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Lesson Plans


Re: classroom management or misunderstanding forms of resis

[ Thread ][ Subject ][ Author ][ Date ]
Deborah Neff (den114)
Wed, 11 Feb 1998 12:55:19 -0500


I think it is ashame that some teachers view misbahaving students as
unmotivated. Yes, students make a choice to misbahave, or disrupt the
classroom. And they usually make this choice for a reason. The intent of
the behavior is what needs to be understood.Why is a student acting in this
way? Maybe there are issues in the students home that are distracting him.
Maybe he as a learning disability and can't comprehend the instructions.
Whatever ii may be I feel it needs to be properly dealt with, not just
"payed off" with crackers. You may have just cause in thinking this way,
afterall, you have the experience and I don't (being an under grad). But I
still think teachers need to understand where their students are coming
from because very often there's s lot more going on.
Debbie Neff

At 6:45 PM +0000 2/10/98, Alix E. Peshette wrote:
>> Date: Tue, 10 Feb 1998 18:17:48 -0700
>> To: artsednet.edu
>> From: bkramer.us (Bunki Kramer)
>> Subject: Re: classroom management or misunderstanding forms of
>>resistance?
>
>Re: Understanding forms of resistance?
>
>I know from my decade-plus of experience with 7th graders, that some
>students make calculated and conscious decisions to be disruptive. There are
>various pay-offs they get from this behavior. Yes, I could take the
>time to discern what motivates this behavior. What I mostly see is that they
>are making a choice. Life is full of choices and I am a great believer
>in natural
>consequences. One consequence is flunking art! Another consequence is being
>told to leave the room and be elsewhere. Public school is maybe the
>last bastion in a child's life where inappropriate and disruptive behavior is
>tolerated. Just try bad attitude and disruption in the true world of
>work!!
>
>As Bunki said, with class sizes in the thirties and limited time,
>we need to address the needs of the students who are there to learn.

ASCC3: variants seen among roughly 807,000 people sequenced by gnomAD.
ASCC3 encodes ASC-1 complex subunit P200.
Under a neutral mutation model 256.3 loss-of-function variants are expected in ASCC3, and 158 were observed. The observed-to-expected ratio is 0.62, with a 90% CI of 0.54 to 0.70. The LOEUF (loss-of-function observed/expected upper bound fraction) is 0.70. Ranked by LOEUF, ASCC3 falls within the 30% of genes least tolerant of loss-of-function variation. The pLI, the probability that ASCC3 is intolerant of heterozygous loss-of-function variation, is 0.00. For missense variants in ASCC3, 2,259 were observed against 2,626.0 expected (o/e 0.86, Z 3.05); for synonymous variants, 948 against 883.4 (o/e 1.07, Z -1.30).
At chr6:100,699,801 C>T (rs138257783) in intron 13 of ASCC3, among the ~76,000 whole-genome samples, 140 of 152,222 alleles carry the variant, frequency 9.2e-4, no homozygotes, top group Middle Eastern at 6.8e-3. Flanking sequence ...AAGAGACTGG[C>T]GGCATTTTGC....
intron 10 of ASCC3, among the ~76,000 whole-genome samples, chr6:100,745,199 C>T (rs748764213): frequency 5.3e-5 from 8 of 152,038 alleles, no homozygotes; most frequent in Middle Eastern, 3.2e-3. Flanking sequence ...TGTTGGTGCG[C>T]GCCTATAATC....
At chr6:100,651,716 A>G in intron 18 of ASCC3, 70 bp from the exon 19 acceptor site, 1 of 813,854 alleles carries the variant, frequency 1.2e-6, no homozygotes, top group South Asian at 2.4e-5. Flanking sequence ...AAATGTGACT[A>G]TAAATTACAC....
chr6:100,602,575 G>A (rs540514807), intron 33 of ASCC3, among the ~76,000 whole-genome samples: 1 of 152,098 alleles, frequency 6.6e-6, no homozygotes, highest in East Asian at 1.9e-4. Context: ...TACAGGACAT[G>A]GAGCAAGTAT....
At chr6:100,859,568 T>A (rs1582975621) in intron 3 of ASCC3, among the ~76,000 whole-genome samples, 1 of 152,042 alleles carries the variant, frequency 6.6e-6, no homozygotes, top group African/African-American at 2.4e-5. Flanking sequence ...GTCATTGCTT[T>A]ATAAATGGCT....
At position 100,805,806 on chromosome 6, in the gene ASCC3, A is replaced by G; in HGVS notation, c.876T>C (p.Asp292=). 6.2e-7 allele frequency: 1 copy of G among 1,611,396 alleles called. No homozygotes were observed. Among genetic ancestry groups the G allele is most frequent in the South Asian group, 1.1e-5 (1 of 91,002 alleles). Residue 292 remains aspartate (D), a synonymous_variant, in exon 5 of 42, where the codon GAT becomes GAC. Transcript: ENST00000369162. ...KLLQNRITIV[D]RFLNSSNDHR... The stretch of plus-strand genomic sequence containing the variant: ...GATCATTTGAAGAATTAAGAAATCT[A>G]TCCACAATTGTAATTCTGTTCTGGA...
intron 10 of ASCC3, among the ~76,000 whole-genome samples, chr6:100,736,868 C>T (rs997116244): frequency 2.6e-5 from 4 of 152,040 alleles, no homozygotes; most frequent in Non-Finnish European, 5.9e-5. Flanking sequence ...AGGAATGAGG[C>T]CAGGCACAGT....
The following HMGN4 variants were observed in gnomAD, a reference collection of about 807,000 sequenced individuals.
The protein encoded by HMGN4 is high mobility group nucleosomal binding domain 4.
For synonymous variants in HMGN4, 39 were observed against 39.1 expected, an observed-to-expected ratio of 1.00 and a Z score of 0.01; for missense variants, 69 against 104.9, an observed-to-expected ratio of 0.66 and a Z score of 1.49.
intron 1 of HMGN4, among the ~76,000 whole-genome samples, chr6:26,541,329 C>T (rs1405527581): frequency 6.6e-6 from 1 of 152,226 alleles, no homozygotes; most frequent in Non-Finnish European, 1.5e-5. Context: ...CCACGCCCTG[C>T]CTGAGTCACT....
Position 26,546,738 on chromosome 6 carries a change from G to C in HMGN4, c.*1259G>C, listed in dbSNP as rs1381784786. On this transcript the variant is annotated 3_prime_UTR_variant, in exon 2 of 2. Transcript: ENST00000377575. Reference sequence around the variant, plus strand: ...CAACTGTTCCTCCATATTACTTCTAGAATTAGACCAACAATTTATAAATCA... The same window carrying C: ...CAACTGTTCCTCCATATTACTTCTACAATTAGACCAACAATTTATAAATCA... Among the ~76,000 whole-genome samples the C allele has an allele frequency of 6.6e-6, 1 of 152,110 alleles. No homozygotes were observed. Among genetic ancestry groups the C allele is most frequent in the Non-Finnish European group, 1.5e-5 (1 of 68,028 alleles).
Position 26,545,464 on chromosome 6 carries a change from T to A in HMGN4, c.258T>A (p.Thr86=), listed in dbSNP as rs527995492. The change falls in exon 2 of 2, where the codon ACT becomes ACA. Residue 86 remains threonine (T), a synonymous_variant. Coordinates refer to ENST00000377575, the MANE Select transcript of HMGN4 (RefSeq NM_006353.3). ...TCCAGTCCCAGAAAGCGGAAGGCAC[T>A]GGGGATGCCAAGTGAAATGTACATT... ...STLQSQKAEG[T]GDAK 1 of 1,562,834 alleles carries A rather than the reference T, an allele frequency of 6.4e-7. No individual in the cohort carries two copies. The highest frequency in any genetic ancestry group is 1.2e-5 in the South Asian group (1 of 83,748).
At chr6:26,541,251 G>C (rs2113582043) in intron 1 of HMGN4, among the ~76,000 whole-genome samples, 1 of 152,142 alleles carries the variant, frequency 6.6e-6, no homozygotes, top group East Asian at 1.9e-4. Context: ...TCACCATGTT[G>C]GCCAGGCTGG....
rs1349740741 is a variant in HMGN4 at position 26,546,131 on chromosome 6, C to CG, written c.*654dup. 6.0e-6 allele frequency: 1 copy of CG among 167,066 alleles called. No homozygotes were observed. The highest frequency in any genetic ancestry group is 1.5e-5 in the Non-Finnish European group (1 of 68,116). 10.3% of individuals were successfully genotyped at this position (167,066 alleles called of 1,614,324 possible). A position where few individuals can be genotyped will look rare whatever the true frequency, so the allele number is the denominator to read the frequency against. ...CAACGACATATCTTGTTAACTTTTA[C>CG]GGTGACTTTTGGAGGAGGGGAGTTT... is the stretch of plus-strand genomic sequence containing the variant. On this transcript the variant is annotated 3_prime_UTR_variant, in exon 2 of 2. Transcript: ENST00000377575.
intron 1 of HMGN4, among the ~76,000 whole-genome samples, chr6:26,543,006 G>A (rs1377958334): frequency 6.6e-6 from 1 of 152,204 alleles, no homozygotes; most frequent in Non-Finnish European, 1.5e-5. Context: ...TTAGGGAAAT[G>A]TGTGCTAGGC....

>The disruptors are stealing time and attention away from motivated students.
>Be it goldfish crackers or terrific tickets (my motivational mode) we do
>what works on any given day, to the benefit of the students who are
>there to learn!!
>
>-Alix Peshette
>Emerson Junior High School
>7th grade art and 7th grade social studies
>Davis, CA
>
>
>
>> Kevin wrote:
>> >Busy work, reading and writing as punishment, and feeding crackers to
>> >students , as if they were a k-9 salivating at the sound of a bell,
>> >transmit and legitimate the structure and ideology of schooling as a site
>> >of useless information and textual knowledge as punishment while limiting
>> >the potential to readdress student resistance into critical processes of
>> >challenging the status quo.
>> .....................
>>
>> And I have a question for you, Kevin. How long has it been since you've
>> taught in the k-12 classroom? I have an average of 36 students in each of
>> my classroom periods at the middle school level. Counting time for demo and
>> clean-up minutes, that gives me approx. 40-45 seconds to spend with each
>> student during classwork time. I have no time to "re-address student
>> resistance into critical processes of challenging the status quo". I have
>> little time to re-adjust disruptive students into another mode so I can
>> deal with the rest of those who want to do art learning. If you want to
>> come to California and have them give me 20 kids for each of my classes,
>> then I could have more time to delve into why kids act the way they do.
>> However, as it stands now....if I found that goldfish crackers were a good
>> motivator, lordy...that's exactly what I would do! This is "real life"
>> we're talking about here!!! Cya...........
>>
>> Bunki Kramer
>> Los Cerros Middle School
>> 968 Blemer Rd.
>> Danville, California 94526
>> bkramer.ca.us
>>
>>
>>


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